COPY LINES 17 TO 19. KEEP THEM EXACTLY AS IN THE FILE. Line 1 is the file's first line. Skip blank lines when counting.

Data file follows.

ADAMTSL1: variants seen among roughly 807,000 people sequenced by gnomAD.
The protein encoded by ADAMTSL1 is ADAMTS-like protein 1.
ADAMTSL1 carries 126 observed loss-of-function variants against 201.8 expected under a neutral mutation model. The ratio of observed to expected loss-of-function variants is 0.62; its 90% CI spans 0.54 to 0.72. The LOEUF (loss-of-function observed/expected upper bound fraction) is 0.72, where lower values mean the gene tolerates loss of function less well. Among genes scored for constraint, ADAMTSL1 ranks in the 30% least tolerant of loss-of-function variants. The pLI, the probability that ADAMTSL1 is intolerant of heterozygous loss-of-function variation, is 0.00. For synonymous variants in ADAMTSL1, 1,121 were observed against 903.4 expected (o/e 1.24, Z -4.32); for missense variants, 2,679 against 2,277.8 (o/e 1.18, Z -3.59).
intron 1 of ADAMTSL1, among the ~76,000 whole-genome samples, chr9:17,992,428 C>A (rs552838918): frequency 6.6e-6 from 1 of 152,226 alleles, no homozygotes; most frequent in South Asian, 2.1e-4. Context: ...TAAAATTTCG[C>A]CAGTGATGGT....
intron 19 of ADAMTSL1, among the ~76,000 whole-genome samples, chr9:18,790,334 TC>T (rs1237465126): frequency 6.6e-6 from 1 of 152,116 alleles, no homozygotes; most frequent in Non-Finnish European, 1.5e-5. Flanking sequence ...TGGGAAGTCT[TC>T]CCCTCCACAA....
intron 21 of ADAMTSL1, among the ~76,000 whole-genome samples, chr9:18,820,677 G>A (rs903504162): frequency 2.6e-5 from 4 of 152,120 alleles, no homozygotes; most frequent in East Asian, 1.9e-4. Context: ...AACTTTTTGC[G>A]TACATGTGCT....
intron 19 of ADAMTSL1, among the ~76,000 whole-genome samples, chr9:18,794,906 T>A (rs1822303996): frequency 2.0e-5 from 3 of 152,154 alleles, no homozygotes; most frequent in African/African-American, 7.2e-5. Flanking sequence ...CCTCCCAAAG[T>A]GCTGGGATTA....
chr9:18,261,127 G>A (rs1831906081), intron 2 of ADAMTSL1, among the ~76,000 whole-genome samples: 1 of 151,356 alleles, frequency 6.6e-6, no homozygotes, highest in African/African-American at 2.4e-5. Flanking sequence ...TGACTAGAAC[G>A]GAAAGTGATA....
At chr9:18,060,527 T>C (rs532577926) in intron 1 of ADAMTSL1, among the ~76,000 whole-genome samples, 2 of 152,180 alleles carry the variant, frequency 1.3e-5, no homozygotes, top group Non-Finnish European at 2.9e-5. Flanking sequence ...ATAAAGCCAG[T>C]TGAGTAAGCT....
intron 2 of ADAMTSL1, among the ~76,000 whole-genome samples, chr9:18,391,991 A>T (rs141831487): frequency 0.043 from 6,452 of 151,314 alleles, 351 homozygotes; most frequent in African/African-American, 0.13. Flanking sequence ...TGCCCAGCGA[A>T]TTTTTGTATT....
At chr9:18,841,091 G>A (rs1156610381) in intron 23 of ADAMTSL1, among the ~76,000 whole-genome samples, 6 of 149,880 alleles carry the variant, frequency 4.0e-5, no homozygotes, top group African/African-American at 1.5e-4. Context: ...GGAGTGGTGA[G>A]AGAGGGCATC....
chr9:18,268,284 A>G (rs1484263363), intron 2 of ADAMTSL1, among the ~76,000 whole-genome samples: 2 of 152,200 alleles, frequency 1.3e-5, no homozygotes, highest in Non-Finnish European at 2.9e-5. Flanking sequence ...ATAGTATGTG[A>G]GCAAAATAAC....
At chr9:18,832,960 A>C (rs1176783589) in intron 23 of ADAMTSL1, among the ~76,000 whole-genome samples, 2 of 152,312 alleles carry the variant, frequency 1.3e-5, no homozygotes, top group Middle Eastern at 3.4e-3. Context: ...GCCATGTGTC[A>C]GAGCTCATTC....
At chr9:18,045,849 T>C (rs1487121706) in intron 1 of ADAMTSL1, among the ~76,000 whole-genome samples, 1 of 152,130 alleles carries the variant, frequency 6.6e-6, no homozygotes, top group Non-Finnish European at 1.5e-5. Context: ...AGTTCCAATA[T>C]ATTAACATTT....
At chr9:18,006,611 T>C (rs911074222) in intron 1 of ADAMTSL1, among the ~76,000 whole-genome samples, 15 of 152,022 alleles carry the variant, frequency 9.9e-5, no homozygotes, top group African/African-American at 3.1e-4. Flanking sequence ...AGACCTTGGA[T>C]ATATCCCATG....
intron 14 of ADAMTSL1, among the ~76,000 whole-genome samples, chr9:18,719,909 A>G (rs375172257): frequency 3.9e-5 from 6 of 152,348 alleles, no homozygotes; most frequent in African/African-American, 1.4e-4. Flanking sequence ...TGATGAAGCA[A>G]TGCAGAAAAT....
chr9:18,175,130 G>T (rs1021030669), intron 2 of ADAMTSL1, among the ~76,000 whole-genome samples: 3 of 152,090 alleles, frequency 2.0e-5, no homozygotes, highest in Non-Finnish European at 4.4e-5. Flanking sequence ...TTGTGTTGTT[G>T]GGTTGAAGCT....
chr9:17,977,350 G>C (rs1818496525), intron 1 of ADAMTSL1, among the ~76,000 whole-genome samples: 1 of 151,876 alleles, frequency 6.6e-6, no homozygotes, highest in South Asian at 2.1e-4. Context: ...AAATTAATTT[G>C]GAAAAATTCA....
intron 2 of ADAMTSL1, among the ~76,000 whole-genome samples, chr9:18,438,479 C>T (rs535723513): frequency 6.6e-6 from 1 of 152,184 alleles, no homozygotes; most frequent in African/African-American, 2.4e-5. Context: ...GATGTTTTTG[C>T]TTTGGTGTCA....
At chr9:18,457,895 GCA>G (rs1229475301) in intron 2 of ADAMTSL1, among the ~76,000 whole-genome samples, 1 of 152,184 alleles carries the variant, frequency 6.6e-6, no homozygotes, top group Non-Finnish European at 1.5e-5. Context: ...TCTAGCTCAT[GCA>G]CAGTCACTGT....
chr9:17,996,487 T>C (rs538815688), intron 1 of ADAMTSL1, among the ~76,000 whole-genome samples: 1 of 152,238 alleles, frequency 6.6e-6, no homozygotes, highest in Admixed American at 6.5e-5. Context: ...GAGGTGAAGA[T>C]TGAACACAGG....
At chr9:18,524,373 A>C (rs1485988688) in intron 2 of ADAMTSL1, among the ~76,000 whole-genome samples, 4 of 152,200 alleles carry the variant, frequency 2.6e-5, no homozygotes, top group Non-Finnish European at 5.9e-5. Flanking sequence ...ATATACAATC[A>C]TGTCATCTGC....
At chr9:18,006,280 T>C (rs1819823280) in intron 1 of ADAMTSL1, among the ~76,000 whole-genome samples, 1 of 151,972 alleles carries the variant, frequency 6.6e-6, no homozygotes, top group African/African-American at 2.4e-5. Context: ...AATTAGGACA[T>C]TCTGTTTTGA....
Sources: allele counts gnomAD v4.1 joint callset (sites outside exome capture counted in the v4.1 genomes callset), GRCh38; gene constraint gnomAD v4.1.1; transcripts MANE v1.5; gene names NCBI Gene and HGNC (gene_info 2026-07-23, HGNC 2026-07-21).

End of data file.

chr9:18,175,130 G>T (rs1021030669), intron 2 of ADAMTSL1, among the ~76,000 whole-genome samples: 3 of 152,090 alleles, frequency 2.0e-5, no homozygotes, highest in Non-Finnish European at 4.4e-5. Flanking sequence ...TTGTGTTGTT[G>T]GGTTGAAGCT....
chr9:17,977,350 G>C (rs1818496525), intron 1 of ADAMTSL1, among the ~76,000 whole-genome samples: 1 of 151,876 alleles, frequency 6.6e-6, no homozygotes, highest in South Asian at 2.1e-4. Context: ...AAATTAATTT[G>C]GAAAAATTCA....
intron 2 of ADAMTSL1, among the ~76,000 whole-genome samples, chr9:18,438,479 C>T (rs535723513): frequency 6.6e-6 from 1 of 152,184 alleles, no homozygotes; most frequent in African/African-American, 2.4e-5. Context: ...GATGTTTTTG[C>T]TTTGGTGTCA....